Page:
Join Date
    Aug 1999
    Location
    Ottawa, Ontario, Canada
    Posts
    3,485
    Well, by the mid-19 the century, specifically 1865, it was established that the individual states were not independent nations and could not depart from the Union, regardless what their voters wanted. Even the Civil War, with the attempted secession of a large part of the country did not result in the collapse of the United States, so in fact your own example actually works against you.

    An example of a would-be Empire which did collapse even though it had modern communications and travel is from about a century later; that being the Third Reich (Realm) of Germany. This was a case of a nation with too rigid a control held by one mentally ill strongman outstripping its resources and trying to take on too many enemies at once.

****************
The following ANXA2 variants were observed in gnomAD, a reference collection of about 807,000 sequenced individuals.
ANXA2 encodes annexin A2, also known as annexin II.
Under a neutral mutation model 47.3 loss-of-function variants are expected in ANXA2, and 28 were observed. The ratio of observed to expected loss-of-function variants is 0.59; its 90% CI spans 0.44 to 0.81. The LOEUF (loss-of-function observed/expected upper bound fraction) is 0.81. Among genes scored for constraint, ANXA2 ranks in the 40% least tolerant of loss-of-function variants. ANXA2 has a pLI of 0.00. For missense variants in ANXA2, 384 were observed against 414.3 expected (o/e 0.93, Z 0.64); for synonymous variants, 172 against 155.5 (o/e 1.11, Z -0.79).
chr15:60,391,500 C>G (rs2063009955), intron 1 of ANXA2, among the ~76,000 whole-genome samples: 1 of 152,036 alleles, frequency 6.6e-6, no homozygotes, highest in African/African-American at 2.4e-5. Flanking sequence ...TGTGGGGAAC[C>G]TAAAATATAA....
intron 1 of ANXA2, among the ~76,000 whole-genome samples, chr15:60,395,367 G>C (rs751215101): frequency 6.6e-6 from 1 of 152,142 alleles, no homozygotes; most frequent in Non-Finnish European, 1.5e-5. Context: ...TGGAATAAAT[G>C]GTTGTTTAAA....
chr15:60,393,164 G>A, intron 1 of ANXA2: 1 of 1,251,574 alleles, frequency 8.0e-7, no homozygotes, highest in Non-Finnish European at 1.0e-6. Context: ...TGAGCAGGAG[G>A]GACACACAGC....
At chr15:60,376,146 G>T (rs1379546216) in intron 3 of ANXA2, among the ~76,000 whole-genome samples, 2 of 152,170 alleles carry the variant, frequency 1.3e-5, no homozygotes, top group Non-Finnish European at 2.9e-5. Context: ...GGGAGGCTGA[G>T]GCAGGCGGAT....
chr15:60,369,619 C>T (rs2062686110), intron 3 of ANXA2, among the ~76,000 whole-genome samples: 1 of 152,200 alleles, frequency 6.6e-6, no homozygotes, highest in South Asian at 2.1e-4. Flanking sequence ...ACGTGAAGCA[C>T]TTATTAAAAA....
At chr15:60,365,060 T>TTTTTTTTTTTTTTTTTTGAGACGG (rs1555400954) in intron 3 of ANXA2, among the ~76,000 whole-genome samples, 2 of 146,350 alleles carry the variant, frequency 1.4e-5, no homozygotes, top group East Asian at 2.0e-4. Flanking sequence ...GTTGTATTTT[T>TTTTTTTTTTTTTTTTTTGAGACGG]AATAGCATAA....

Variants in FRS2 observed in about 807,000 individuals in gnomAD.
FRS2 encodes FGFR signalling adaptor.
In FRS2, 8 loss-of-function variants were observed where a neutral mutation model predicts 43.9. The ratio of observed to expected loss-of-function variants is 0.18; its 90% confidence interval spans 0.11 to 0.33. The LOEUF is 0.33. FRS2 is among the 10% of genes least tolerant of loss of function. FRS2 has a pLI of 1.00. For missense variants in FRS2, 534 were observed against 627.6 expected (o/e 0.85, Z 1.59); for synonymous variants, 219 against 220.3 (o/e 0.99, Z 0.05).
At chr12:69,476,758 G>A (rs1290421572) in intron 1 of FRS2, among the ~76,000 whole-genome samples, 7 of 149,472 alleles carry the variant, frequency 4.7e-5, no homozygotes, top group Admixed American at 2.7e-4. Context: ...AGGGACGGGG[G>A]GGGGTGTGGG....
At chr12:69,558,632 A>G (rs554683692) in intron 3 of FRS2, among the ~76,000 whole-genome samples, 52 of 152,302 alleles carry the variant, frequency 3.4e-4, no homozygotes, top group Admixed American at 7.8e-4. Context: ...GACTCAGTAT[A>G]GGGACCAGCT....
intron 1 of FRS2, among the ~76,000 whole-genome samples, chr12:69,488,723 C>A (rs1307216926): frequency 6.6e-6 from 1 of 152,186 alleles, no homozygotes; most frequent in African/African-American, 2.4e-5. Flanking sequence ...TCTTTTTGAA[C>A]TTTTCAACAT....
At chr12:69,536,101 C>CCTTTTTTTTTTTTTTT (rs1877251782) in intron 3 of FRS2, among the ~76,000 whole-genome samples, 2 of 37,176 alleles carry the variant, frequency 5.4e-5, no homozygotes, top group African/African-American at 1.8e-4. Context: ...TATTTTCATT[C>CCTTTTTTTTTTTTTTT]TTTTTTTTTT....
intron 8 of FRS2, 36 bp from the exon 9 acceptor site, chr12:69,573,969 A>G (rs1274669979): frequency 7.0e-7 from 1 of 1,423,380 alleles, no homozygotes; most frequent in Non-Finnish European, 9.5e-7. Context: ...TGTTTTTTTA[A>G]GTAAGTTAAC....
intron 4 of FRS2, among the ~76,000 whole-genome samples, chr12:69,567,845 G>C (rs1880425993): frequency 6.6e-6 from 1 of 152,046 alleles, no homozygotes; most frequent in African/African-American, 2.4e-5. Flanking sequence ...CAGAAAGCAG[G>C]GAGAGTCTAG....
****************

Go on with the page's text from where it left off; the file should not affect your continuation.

The United Federation of Planets, although as a Hollywood production reflects mostly US tradition, is consciously and explicitly based on the United Nations. Federation "culture" as such is merely a veneer over a culturally diverse and flexible melange of planetary powers. More than anything, it is an idea shared by the vast majority of its citizens. The Federation is also extremely resource-rich. Its leaders seem to enjoy popular support, aside from small groups of political dissenters like The New Essentialists. Some critics of Star Trek deride the Federation as an unrealistic Utopia, but nothing could be farther from the truth. It may on the face of it be unrealistic, but a Utopia it is not. There are disagreements and squabbles between factions. While antimatter power and replication technology do give the Federation an overall high standard of living, there are disparities between planets. Some have even sunk to levels of barbarism like Turkana IV with its turf wars and rape gangs. Individual planets appear to maintain some level of sovereignty. Some seem to maintain independent intelligence services, and planetary laws vary greatly. While the Federation overall is administered by an elected President and a Council, it would seem to be mostly concerned with the maintenance of interstellar harmony and order. A further clue that the planetary members retain considerable autonomy is that they send Ambassadors to the Federation. This would seem to indicate that the planets are on equal legal footing with the Federation. Another indication which refutes the "Utopia" idea is that bigotry is alive, although at levels far reduced from our times. Vulcans and Andorians harbour ancient grudges, Tellarites are merely tolerated, and some Humans still resent the Vulcans. There is widespread distrust of artificial life forms a genetically enhanced individuals. There are constant wars with neighbouring stellar nations, like the Romulans, the Klingons, the Dominion, et cetera et cetera et cetera ad infinitum ad nauseum. There are still addiction problems. Yet, with all these problems, there is still a sense of being a part of something larger than oneself, of belonging to a community, with all that it entails.